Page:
Bailment is a contractual arrangement that arises both in commercial contracts and in everyday situations. When walking into a restaurant where a waiter offers to store your coat, you are unknowingly entering into a bailment arrangement with the restaurant once you hand over the coat. Similarly, when you leave your car with the mechanic for servicing, you are entering into a bailment agreement with the mechanic.
This article defines bailment and discusses different types of bailment arrangements. Throughout we will be referring to both the bailee, who receives the goods, and the bailor, who leaves the goods.
Definition of Bailment
In a bailment agreement, the bailee voluntarily assumes possession of goods from the bailor for a period with an obligation to return the personal property. The bailee attains control of the assets for that term but is then required to return the goods to the owner afterwards. Although they often acquire both possession and control of the product, the title to the goods does not pass from the bailor to the bailee. The bailor remains the rightful owner of the goods.
When you leave your car with the mechanic, you are giving the mechanic possession and control of your car. After servicing your car, the mechanic will return it to you. Although they control the car and are in possession of the car, it remains yours the entire time. Thus, it is a bailment arrangement.
Types of Bailment Arrangements
There are several types of bailment arrangements, including:
- gratuitous bailments;
- bailments for reward; and
1. Gratuitous Bailment
Gratuitous bailments occur when one party is not giving anything in exchange for the bailment agreement. This party can be the bailee or the bailor.
For example, when you give your coat to the waiter at a restaurant, you are not paying anything or giving him anything of value in return for safekeeping your coat. Therefore, it is a gratuitous bailment.
2. Bailment for Reward
Bailment for reward occur when both parties are mutually benefitting from the bailment arrangement.
For example, when you leave your car with the mechanic for servicing, both you and the mechanic are benefitting from the transfer in custody of the car. The mechanic is receiving value in the form of payment and you are receiving value in the form of a serviced car.
Sub-bailments occur when a bailee transfers possession of goods they have been entrusted with to a third party.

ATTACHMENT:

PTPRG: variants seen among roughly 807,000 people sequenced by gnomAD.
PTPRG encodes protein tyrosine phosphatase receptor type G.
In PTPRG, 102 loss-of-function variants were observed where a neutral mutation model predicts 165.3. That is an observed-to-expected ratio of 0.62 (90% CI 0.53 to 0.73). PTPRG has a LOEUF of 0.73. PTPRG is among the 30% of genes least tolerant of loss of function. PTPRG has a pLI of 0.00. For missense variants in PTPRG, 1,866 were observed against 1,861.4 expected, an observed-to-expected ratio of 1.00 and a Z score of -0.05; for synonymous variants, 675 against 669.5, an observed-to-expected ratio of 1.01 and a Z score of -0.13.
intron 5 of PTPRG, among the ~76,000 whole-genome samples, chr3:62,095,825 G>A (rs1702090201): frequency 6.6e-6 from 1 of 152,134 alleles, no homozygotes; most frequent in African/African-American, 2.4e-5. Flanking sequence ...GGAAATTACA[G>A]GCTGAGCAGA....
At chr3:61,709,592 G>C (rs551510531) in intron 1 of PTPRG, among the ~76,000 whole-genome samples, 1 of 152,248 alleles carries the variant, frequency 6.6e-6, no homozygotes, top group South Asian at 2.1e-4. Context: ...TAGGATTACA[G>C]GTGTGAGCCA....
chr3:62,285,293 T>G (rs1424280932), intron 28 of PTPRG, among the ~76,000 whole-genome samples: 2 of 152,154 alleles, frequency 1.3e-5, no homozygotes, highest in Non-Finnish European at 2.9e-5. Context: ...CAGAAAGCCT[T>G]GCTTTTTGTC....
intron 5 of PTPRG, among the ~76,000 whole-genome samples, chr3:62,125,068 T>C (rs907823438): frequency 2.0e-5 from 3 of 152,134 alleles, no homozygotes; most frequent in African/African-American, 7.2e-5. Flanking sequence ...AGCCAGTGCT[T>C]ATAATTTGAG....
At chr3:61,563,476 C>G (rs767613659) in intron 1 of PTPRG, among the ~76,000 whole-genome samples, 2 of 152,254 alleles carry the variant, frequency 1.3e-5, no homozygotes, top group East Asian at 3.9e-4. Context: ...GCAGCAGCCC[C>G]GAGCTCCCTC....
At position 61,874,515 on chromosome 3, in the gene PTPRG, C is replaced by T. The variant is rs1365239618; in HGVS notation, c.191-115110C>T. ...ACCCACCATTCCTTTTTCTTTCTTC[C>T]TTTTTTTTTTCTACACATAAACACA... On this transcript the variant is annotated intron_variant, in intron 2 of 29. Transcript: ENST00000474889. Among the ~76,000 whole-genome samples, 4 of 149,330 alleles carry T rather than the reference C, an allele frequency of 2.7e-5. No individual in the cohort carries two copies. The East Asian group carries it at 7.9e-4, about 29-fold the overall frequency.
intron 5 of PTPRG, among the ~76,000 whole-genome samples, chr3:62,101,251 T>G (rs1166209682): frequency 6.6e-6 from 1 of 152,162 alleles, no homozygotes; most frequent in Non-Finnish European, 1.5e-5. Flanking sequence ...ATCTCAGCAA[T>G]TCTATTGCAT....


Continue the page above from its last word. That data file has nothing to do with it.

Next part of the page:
For example, you give your broken computer to a repair centre but they do not have the necessary skills to repair it. However, they have an agreement with another store that has the necessary expertise to repair your computer. So, they pass on your computer to the other store. The first computer repair company was already a bailee, but they are then sub-bailing your computer to another bailee, called the sub-bailee.
Difference Between a Bailment and a Lease
Bailments are distinguishable from leases in two key ways:
- exclusive possession; and
- type of property.
|Exclusive Possession||Types of Property|
Lease agreements provide exclusive possession of the property to the person leasing it. This means that they have the right to exclusively enjoy the property without the interruption of others, including the person leasing the property.
This arrangement is in contrast to bailments, where the:
Leases can be for real property interests, whereas bailments can only be for personal property.
Real property refers to land and items attached to land, while personal property refers to things that are not land or attached to land.
Difference Between a Bailment and a Licence
Licence agreements and bailment arrangements differ because licence agreements neither control nor take responsibility for the property transferred between the parties.
For example, when you leave your car in the car park, you do not acquire control over the car park. This is a licence arrangement.
In contrast, when you give your car to a mechanic, they obtain control of your car. This is a bailment arrangement.
Bailment arrangements occur when control or possession of personal property is passed from the bailor to the bailee with the expectation that the property will be returned after a period. They form a primary part of many commercial transactions and occur on a daily basis without conscious acknowledgement. Bailment arrangements create a legal relationship that is different to a lease or a licence.
If you have any questions, contact LegalVision’s commercial lawyers on 1300 544 755 or fill out the form on this page.
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